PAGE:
On 17 February 2018, a group of young Belarusians holding a banner reading ‘Legalize Belarus’ gathered on Independence Avenue in the heart of Minsk. The group was campaigning for the legalisation of marijuana in Belarus, a proposition that, at least for now, seems unlikely to attract support from the public or government officials.
Why reform is needed
The perception of cannabis use in Belarus has been largely shaped by Soviet-era misinformation and anti-cannabis propaganda disseminated by the Lukashenka government. Adding to the stigma of cannabis use is the fact that Belarus has some of the harshest drug laws in Europe and its penal code makes no distinction between categories of drugs.
This means that possession of cannabis is prosecuted (and perceived by the public) in much the same way as possession of heroin. With Belarus’s draconian drug laws having a permanently detrimental impact on the lives of untold numbers of youth due to simple cannabis possession, those advocating for legalisation would likely consider any measure of decriminalization a success.
On Legalize Belarus’s website it states that more than 15,000 people are currently in prison in Belarus for drug-related crimes. The majority of those convicted are serving 5-8 year sentences with many working as forced-labourers in prison camps. In an article posted in January 2017 on Belarus Digest, Alesia Rudnik noted that in Belarus a conviction for drug possession can carry a significantly heavier prison sentence than even criminal acts of paedophilia.
In clear cases of petty possession, Belarusian prosecutors tend to always push for trafficking charges, as this guarantees a minimum prison sentence of 5-years. Moreover, the Belarusian authorities’ intolerance of both drugs and dissent puts participants in organisations and events supporting the decriminalisation of cannabis at risk for steep fines and up to 15 days in jail for their activities.
As part of instilling a fear of cannabis into the minds of Belarusian children, the government occasionally holds trials of accused (though soon to be convicted) cannabis users in public locations such as schools. In the Fall of 2017, a 30-year-old woman charged with ‘storing hash’, was sentenced to three years of ‘restricted freedom’. The trail was held in the classroom of a school in Minsk while students watched.
And while three years of ‘restricted freedom’ was a mere slap on the wrist by Belarusian standards, this case was an outlier. Show trials and unreasonably long prison sentences undoubtedly serve as powerful deterrents against cannabis use amongst Belarusian youth, especially when the accused are tried and convicted in schoolrooms full of children.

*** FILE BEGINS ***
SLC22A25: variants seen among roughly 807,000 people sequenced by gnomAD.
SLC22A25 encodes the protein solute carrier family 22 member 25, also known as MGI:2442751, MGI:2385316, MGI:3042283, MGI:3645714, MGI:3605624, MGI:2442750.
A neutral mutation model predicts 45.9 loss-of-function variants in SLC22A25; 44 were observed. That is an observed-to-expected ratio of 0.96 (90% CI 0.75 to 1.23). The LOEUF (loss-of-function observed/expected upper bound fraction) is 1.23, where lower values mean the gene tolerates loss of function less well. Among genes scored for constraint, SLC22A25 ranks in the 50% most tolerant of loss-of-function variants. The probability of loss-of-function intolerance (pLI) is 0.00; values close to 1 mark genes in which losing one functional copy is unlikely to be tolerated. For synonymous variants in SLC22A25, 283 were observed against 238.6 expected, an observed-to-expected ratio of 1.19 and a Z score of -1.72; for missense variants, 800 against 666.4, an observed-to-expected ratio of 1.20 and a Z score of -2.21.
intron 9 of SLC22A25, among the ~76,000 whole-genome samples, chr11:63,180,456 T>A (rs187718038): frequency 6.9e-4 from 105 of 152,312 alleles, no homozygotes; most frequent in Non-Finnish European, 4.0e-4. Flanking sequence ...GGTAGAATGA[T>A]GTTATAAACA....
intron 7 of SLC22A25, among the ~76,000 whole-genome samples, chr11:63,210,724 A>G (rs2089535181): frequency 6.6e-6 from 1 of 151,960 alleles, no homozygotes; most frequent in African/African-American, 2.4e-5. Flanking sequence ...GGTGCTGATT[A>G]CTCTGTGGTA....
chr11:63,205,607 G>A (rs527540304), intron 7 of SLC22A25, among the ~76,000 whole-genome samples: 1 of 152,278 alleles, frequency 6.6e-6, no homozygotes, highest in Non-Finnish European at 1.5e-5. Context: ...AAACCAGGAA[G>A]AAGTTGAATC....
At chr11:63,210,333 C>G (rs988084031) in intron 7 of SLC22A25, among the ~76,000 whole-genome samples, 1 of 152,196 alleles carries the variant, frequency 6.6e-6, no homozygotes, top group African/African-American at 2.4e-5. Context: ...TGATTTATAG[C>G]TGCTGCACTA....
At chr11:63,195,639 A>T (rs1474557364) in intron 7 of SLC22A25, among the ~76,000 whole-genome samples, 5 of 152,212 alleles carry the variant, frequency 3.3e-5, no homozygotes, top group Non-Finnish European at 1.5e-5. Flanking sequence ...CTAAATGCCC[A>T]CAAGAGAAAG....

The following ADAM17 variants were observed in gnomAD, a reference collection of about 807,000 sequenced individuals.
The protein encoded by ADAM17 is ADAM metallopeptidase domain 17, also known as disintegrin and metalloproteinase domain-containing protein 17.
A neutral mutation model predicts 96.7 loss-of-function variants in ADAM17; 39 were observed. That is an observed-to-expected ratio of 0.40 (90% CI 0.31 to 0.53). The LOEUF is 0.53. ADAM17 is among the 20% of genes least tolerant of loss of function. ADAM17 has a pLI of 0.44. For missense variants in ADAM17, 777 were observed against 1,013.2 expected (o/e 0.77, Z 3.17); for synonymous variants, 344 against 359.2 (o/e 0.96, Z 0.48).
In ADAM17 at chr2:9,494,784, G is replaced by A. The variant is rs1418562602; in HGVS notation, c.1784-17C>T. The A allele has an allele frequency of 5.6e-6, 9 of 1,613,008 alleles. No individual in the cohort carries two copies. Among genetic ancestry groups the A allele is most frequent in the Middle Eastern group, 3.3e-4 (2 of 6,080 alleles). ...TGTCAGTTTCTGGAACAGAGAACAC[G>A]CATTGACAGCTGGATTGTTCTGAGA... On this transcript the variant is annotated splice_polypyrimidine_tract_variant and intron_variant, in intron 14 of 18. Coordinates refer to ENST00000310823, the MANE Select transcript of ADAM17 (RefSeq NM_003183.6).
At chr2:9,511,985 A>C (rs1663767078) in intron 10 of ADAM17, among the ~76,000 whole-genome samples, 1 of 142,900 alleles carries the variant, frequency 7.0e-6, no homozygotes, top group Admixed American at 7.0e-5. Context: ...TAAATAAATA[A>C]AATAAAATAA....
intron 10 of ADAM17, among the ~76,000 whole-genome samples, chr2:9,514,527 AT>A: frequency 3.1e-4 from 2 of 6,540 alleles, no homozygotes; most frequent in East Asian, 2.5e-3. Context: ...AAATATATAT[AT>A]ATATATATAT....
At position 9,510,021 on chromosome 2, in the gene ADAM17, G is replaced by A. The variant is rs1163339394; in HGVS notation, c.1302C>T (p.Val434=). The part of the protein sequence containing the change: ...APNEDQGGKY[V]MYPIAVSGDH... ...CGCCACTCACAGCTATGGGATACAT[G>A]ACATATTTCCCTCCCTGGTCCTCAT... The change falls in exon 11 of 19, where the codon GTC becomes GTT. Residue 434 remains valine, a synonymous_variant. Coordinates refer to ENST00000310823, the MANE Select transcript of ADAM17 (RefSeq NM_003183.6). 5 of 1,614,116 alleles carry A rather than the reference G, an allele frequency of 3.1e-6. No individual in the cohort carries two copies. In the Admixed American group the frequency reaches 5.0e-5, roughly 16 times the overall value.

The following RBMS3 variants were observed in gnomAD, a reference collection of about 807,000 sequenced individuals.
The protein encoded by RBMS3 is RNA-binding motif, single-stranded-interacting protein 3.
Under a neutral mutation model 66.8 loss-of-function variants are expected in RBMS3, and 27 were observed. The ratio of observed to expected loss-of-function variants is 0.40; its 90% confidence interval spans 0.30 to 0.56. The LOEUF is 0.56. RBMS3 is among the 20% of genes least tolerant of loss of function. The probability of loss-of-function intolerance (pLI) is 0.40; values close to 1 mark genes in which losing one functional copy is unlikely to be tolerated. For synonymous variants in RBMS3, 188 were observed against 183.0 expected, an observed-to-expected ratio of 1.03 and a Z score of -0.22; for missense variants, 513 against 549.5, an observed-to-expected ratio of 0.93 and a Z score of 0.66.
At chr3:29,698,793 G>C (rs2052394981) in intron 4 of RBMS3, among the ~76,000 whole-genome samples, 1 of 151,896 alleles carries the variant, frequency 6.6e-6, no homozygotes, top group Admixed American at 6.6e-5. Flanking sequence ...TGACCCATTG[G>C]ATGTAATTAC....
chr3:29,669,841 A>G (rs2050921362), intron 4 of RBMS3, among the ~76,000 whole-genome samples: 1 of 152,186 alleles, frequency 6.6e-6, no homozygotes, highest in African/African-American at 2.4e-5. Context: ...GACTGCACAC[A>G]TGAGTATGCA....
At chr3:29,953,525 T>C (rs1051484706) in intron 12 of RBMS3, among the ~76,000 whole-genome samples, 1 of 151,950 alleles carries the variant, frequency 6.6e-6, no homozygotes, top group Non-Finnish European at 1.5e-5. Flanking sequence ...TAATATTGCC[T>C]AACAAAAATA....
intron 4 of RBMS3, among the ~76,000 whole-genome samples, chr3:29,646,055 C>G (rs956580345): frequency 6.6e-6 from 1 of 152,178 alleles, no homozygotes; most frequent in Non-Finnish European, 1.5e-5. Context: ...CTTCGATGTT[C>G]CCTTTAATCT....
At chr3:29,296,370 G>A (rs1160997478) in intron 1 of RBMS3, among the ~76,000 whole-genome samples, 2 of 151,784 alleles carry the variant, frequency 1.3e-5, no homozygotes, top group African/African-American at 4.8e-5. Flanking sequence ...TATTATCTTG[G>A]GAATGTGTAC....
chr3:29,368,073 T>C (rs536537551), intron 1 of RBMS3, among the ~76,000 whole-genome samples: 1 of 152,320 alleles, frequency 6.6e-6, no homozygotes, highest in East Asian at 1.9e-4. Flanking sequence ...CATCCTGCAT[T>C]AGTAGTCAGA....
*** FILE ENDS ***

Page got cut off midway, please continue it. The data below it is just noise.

Cannabis in neighbouring states
Even in comparison to the Russian Federation’s cannabis laws, Belarus is far stricter. In Russia, possession of 6 grams or less of cannabis is prosecuted as an administrative offence, the Russian equivalent of a misdemeanour. In Ukraine possession of up to 5 grams and the cultivation of up to 10 plants for personal consumption is also classified as an administrative offence. Of Belarus’s neighbours, it is Poland who has been the most progressive in terms of cannabis reform and in 2017 legalised medical marijuana. Moreover, nearly 80% of Poles were in favour of the legislation, a level of support that would be difficult to imagine in Belarus.
In 2017, even the production of industrial hemp, a plant that contains only trace amounts of tetrahydrocannabinol (THC), the main psychoactive cannabinoid in cannabis, was made illegal. Since industrial hemp has a wide range of practical uses, particularly in the production of textiles and paper products, and no potential to be abused as an illicit substance, outlawing the crop seems to have been a hysterical reaction on the part of the government rather than a serious measure to protect public health. If, however, the Lukashenko regime is shielding Belarusians from cannabis and industrial hemp due to health concerns, they may be focusing on the wrong substance.
Cannabis vs. alcohol
In Belarus, like much of Eastern Europe, alcoholism is a significant health crisis that seems to affect, at least in some way, nearly every family in the country. Based on current statistics coming from the U.S., the legalisation of medical marijuana appears to result in a substantial decrease in alcohol consumption.
In fact, a study published in 2017 found that in states where both medical marijuana and alcohol are sold, the legalisation of medical marijuana had reduced alcohol sales by an average of 15%. Of course, this only sounds like good news to those who view marijuana as significantly safer than alcohol for one’s overall health and wellbeing.
With its never-ending financial crises, if Belarus’s authoritarian government is to be persuaded on the issue of cannabis reform, it will likely be due to economics, not ethics. In 2015, just one year after recreational cannabis became legal for purchase in Colorado, the state’s marijuana tax revenues were three times greater than those from alcohol sales.
Additionally, though Colorado has a population of just 5.5 million, from 2014-2017 the state’s total tax revenue from cannabis sales was $506m. With sales from government-owned alcohol companies accounting for approximately 80% of Belarus’s alcohol sales, advocates for cannabis legalisation in Belarus will likely need to make their case to the authorities by presenting cannabis as a more profitable and less dangerous alternative to alcohol.
Michael Dorman for BelarusDigest.
Michael Dorman holds an MA from the University of Texas at Austin’s Centre for Russian, Eastern European, and Eurasian Studies. His research interests include WWII and the Holocaust in Belarus, post-Soviet Belarusian politics, and current social issues in Belarus.